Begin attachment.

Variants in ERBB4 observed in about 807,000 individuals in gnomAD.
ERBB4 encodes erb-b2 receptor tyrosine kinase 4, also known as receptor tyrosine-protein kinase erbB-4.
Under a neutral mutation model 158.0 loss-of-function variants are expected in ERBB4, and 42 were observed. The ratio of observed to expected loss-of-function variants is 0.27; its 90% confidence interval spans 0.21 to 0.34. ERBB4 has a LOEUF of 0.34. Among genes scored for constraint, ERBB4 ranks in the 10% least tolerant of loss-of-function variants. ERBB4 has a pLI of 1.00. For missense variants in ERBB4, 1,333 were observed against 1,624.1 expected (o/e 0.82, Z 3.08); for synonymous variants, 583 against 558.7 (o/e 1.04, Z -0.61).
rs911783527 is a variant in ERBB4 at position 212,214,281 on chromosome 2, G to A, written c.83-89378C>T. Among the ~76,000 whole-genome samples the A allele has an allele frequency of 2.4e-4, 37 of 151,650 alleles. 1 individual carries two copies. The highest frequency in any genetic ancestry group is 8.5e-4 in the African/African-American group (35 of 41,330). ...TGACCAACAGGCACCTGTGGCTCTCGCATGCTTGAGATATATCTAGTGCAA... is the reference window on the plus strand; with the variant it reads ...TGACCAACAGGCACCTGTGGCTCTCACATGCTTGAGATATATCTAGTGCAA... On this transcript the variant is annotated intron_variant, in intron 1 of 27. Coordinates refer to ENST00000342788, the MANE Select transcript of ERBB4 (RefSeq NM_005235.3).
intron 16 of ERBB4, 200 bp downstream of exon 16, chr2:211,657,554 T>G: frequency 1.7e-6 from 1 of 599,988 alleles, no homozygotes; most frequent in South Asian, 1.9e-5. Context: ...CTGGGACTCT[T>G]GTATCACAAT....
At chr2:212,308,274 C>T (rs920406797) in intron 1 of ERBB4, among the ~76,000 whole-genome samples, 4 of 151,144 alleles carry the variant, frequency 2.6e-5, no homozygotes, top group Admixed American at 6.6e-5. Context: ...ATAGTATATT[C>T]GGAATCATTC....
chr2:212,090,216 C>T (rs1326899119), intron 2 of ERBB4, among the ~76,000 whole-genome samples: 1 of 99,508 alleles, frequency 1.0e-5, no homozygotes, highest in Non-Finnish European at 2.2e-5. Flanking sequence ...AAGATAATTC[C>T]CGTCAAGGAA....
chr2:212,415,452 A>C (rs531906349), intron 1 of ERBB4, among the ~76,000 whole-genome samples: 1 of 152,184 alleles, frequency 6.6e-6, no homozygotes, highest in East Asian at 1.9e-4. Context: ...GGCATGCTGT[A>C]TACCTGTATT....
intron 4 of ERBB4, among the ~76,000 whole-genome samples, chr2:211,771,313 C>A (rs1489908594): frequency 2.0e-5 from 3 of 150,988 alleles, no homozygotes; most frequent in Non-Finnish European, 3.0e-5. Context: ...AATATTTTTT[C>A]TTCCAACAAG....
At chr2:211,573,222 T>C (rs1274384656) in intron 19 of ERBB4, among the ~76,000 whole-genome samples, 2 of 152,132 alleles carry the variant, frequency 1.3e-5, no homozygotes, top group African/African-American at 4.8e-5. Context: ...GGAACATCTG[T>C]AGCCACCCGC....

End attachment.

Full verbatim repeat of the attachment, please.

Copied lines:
Variants in ERBB4 observed in about 807,000 individuals in gnomAD.
ERBB4 encodes erb-b2 receptor tyrosine kinase 4, also known as receptor tyrosine-protein kinase erbB-4.
Under a neutral mutation model 158.0 loss-of-function variants are expected in ERBB4, and 42 were observed. The ratio of observed to expected loss-of-function variants is 0.27; its 90% confidence interval spans 0.21 to 0.34. ERBB4 has a LOEUF of 0.34. Among genes scored for constraint, ERBB4 ranks in the 10% least tolerant of loss-of-function variants. ERBB4 has a pLI of 1.00. For missense variants in ERBB4, 1,333 were observed against 1,624.1 expected (o/e 0.82, Z 3.08); for synonymous variants, 583 against 558.7 (o/e 1.04, Z -0.61).
rs911783527 is a variant in ERBB4 at position 212,214,281 on chromosome 2, G to A, written c.83-89378C>T. Among the ~76,000 whole-genome samples the A allele has an allele frequency of 2.4e-4, 37 of 151,650 alleles. 1 individual carries two copies. The highest frequency in any genetic ancestry group is 8.5e-4 in the African/African-American group (35 of 41,330). ...TGACCAACAGGCACCTGTGGCTCTCGCATGCTTGAGATATATCTAGTGCAA... is the reference window on the plus strand; with the variant it reads ...TGACCAACAGGCACCTGTGGCTCTCACATGCTTGAGATATATCTAGTGCAA... On this transcript the variant is annotated intron_variant, in intron 1 of 27. Coordinates refer to ENST00000342788, the MANE Select transcript of ERBB4 (RefSeq NM_005235.3).
intron 16 of ERBB4, 200 bp downstream of exon 16, chr2:211,657,554 T>G: frequency 1.7e-6 from 1 of 599,988 alleles, no homozygotes; most frequent in South Asian, 1.9e-5. Context: ...CTGGGACTCT[T>G]GTATCACAAT....
At chr2:212,308,274 C>T (rs920406797) in intron 1 of ERBB4, among the ~76,000 whole-genome samples, 4 of 151,144 alleles carry the variant, frequency 2.6e-5, no homozygotes, top group Admixed American at 6.6e-5. Context: ...ATAGTATATT[C>T]GGAATCATTC....
chr2:212,090,216 C>T (rs1326899119), intron 2 of ERBB4, among the ~76,000 whole-genome samples: 1 of 99,508 alleles, frequency 1.0e-5, no homozygotes, highest in Non-Finnish European at 2.2e-5. Flanking sequence ...AAGATAATTC[C>T]CGTCAAGGAA....
chr2:212,415,452 A>C (rs531906349), intron 1 of ERBB4, among the ~76,000 whole-genome samples: 1 of 152,184 alleles, frequency 6.6e-6, no homozygotes, highest in East Asian at 1.9e-4. Context: ...GGCATGCTGT[A>C]TACCTGTATT....
intron 4 of ERBB4, among the ~76,000 whole-genome samples, chr2:211,771,313 C>A (rs1489908594): frequency 2.0e-5 from 3 of 150,988 alleles, no homozygotes; most frequent in Non-Finnish European, 3.0e-5. Context: ...AATATTTTTT[C>A]TTCCAACAAG....
At chr2:211,573,222 T>C (rs1274384656) in intron 19 of ERBB4, among the ~76,000 whole-genome samples, 2 of 152,132 alleles carry the variant, frequency 1.3e-5, no homozygotes, top group African/African-American at 4.8e-5. Context: ...GGAACATCTG[T>C]AGCCACCCGC....